Queendom and Womanhood in Travancore

The protracted history of the Travancore royal family - like that of all monarchical dynasties - is fraught with tales of passion, intrigue, riches and mystery which are each worth retelling in their own right. What jumps out when documenting the particular matrilineal narrative of this dynasty is the puissant personality of Maharani Sethu Lakshmi Bayi - the Queen Regent who played a crucial role in establishing the dimensions of womanhood not only in terms of the feminal noble, but also the redefining of the same for her common subjects in the 1920s. 

Granddaughter of celebrated painter Raja Ravi Varma, Sethu Lakshmi Bayi was appointed as Regent until the Maharajah, her nephew, came of age. Aside from responsibility, the regency brought with it the unique perk of absolute power according to traditions of the Travancore royal family, where women had equal claim to monarchical authority. The Maharani ascended to the regency in 1924, when winds of change were coursing through the kingdom on the wings of colonial diktats. 

It goes without saying that ideas of Victorian propriety were counterintuitive to the progressive values entrenched in the foundations of the kingdom. Unfortunately, under colonial rule, the collective morality of the latter was being negated in favour of the former, calling for a domestic, submissive and ultimately subjugated role of the woman. The Maharani, in spite of her heritage, subscribed to the same. She was the queenly reformer who embraced modernity, which at the time entailed becoming a paragon of the ideal Indian woman. The Regent was a devoted wife, giving precedence to her domestic duties towards her husband above all else, elevating his position within the court (which invited disapproval from many, considering the wedded partners of queens were only given the designation of “consort”). 

In his celebrated book The Ivory Throne, Sahitya Akademi Yuva Puraskar awardee Manu S. Pillai writes, “It was Sethu Lakshmi Bayi who passed that historic legislation in the state by which matrilineal families were abolished and patriarchal nuclear households were given a boost as an intellectual ideal.” Sethu Lakshmi Bayi successfully altered the fabric of royal muliebrity which had persisted for generations in Travancore - and this manifestly mushroomed beyond palace walls, entering into the homes and hearths of common subjects.

Changes were felt in every sector of the kingdom, arguably beginning with the vocational category of devdasis. The temple dancer occupation in India was an ancient tradition dedicated to spiritual transcendence through artistic expression. Devdasis embodied the veshya figure in the Natyashastra, undergoing intellectual training which deemed them as the reservoirs of Indian culture. They provided pleasures of the mind and body to aristocratic men, and charged them in return for these services. Such a practice was both economically liberating and well-respected within the Indic fold, and provided the necessary counterbalance to the chaste kulina figure of wife and homemaker. The colonial machinery, with no available parallel in the European world, equated the role of the devdasi to that of the prostitute. The sexual and cerebral expression of unwed women affronted Victorian sensibilities and as a consequence, the devdasi vocation was demonised.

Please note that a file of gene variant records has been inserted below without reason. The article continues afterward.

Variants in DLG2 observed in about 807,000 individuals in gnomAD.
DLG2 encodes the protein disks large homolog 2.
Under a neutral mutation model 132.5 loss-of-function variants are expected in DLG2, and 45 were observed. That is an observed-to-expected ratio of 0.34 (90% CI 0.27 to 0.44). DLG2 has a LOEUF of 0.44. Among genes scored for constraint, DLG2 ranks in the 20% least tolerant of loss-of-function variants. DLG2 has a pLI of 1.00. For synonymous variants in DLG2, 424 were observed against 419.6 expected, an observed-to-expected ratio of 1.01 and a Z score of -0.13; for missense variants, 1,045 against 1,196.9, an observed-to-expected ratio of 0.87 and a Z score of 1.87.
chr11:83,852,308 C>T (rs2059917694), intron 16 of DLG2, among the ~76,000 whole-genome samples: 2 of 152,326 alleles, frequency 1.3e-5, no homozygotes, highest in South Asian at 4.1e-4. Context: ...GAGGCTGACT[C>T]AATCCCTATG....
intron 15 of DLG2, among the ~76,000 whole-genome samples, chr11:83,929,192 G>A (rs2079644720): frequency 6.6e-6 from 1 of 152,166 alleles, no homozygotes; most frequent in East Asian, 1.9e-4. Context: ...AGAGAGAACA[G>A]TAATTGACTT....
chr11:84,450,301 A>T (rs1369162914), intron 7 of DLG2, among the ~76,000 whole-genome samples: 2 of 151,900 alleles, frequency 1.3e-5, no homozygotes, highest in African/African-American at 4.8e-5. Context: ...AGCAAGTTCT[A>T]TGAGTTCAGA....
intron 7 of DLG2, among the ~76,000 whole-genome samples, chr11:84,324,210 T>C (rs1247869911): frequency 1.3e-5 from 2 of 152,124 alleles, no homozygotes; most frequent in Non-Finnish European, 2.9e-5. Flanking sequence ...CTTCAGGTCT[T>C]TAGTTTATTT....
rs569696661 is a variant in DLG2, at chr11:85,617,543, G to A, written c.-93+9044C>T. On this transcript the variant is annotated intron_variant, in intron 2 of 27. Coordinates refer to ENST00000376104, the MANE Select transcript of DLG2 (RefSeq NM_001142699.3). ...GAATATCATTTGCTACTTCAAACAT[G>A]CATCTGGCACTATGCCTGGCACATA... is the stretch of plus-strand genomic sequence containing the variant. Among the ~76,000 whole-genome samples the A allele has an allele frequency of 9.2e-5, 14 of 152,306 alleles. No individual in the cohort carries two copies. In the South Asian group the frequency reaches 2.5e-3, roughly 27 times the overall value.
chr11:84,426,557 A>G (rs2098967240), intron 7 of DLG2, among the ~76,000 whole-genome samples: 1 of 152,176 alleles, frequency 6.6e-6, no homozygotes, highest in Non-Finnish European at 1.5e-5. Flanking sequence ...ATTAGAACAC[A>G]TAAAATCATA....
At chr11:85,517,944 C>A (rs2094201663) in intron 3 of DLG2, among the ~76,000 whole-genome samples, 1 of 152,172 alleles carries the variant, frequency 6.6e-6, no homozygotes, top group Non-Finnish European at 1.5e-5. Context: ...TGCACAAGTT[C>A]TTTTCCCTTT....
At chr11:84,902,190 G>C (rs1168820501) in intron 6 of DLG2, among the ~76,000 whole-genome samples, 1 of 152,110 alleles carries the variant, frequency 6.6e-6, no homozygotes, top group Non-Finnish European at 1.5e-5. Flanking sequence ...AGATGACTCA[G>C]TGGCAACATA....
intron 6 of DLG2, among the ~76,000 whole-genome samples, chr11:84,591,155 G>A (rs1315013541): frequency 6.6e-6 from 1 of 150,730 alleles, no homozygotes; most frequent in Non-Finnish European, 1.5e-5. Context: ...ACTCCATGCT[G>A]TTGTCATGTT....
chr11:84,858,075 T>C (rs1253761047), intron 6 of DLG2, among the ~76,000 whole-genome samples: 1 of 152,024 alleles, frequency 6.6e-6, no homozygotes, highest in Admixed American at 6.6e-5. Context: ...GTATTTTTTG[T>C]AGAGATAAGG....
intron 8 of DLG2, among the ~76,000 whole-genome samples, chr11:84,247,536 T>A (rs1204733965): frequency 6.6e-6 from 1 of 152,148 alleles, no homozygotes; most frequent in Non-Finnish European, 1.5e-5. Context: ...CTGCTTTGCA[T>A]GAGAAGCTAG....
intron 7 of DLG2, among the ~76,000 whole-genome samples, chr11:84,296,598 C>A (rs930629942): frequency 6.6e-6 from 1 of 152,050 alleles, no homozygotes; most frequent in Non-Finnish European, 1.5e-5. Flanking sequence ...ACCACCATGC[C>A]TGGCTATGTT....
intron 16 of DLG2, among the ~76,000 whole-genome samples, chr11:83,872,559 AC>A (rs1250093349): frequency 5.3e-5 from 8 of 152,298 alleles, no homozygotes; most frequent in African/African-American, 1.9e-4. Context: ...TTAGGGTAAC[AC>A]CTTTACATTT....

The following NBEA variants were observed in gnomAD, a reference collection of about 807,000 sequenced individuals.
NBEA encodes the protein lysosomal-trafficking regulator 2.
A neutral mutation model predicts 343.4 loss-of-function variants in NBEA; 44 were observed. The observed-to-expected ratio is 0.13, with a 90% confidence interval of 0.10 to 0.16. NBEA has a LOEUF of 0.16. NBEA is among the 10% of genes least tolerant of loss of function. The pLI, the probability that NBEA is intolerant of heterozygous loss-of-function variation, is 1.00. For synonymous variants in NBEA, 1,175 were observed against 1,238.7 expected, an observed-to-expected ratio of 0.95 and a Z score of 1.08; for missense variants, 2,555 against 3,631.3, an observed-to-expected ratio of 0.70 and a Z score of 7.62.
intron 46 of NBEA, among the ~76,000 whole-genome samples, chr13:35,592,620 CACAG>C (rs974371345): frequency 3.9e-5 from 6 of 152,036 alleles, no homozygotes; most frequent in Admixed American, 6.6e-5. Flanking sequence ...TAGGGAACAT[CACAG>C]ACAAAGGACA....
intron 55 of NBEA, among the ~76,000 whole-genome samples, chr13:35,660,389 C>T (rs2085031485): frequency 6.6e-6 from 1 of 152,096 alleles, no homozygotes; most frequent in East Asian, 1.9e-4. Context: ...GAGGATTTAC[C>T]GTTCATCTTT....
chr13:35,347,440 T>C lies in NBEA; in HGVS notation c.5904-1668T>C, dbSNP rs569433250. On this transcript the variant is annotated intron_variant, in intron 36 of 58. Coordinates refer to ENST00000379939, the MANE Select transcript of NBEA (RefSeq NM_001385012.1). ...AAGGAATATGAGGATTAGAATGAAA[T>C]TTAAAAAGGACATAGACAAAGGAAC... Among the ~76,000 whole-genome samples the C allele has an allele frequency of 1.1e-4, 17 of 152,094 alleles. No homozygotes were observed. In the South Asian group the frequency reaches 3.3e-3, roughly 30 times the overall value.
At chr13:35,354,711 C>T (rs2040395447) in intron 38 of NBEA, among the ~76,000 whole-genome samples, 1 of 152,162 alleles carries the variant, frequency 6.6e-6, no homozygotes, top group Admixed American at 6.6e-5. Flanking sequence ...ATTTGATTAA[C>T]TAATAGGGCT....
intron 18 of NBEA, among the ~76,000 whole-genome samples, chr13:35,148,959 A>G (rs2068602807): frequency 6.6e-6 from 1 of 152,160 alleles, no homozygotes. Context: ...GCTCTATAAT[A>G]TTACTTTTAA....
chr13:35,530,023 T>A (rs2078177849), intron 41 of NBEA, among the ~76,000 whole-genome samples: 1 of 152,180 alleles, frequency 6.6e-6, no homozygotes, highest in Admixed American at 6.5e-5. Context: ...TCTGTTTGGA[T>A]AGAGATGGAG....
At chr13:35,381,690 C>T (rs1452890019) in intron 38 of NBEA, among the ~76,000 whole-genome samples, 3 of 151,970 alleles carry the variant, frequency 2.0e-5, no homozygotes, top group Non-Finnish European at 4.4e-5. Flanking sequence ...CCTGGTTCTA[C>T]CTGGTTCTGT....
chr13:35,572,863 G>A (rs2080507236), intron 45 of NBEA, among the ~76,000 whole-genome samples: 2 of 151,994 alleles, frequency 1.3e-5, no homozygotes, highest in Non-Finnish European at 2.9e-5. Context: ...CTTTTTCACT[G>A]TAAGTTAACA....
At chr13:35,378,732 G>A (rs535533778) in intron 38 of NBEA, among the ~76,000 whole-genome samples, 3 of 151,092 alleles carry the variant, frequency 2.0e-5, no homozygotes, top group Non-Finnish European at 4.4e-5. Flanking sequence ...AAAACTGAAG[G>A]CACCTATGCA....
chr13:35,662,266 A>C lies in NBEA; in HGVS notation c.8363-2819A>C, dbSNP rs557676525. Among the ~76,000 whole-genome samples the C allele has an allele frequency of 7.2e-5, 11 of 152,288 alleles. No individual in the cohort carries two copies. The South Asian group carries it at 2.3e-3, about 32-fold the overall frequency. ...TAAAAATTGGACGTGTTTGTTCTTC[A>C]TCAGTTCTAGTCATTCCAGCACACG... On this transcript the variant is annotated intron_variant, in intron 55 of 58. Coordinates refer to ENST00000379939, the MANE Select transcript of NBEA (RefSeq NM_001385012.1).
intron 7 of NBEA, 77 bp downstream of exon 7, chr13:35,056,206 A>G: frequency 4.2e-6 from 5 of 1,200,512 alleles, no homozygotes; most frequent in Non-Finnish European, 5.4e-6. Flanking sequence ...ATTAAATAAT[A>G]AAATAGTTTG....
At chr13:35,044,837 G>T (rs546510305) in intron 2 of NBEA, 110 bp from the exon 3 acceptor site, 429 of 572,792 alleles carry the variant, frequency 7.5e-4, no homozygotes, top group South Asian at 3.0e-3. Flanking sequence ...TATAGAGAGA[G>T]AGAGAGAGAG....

In August of 1931, Sethu Lakshmi Bayi herself outlawed the occupation of temple dancers. The move was applauded in the guise of women’s emancipation, but devdasis belonging to the kingdom protested in an attempt to protect their rights and independence. Alas, their pleas fell on deaf ears. An ancient tradition celebrating the confluence of artistic and religious creation was abolished overnight. Left in the wake was a unidimensional idea of ideal womanhood.

A unidimensional portrait of the Maharani too would be remiss, considering her remarkable efforts in the orbit of women’s education. It was Sethu Lakshmi Bayi who championed the cultivation of knowledge in Trivandrum, personally inviting women collegians for tea at her palace. She also nominated the first female legislator of India to the Legislative Council, and was a force to be reckoned with when it came to women’s employment.

The contradictions evident in the dichotomous decrees of the queen point towards a complex fashioning of Indian womanhood. The blackening of the veshya might seem at odds with the upliftment of educated women, but it all boils down to the premise of control. The championing of one form of emancipation over another allows for control over the minds and bodies of women, who are then expected to walk a tightrope between the home and the world. Education brings knowledge, which can be wielded as power. The liberating screen of modernity successfully disguised ideological weaponry forged for the purpose of hegemonising knowledge. The local rulers in the end fell prey to the colonial machine, dangling from golden strings like titular heads of vacant thrones. 

Pillai writes, Indeed, as early as 1957, the Maharani herself bid farewell to her royal heritage and embarked on a new life in Bangalore, allowing for her daughters and grandchildren to become new people in a changing world. In that year, soon after a Communist government came to power in Kerala, and the remaining 50 servants formed a union in her palace, Sethu Lakshmi Bayi took her leave. She sat on a train, and never went back to the land she once ruled. And with that, the madappally at Satelmond Palace was closed. All its tales were now consigned to a world of memories, and what was left were wistful stories that began always with “Once upon a time there was a queen…”



Pillai Manu S. The Ivory Throne : Chronicles of the House of Travancore. HarperCollins Publishers India 2015.








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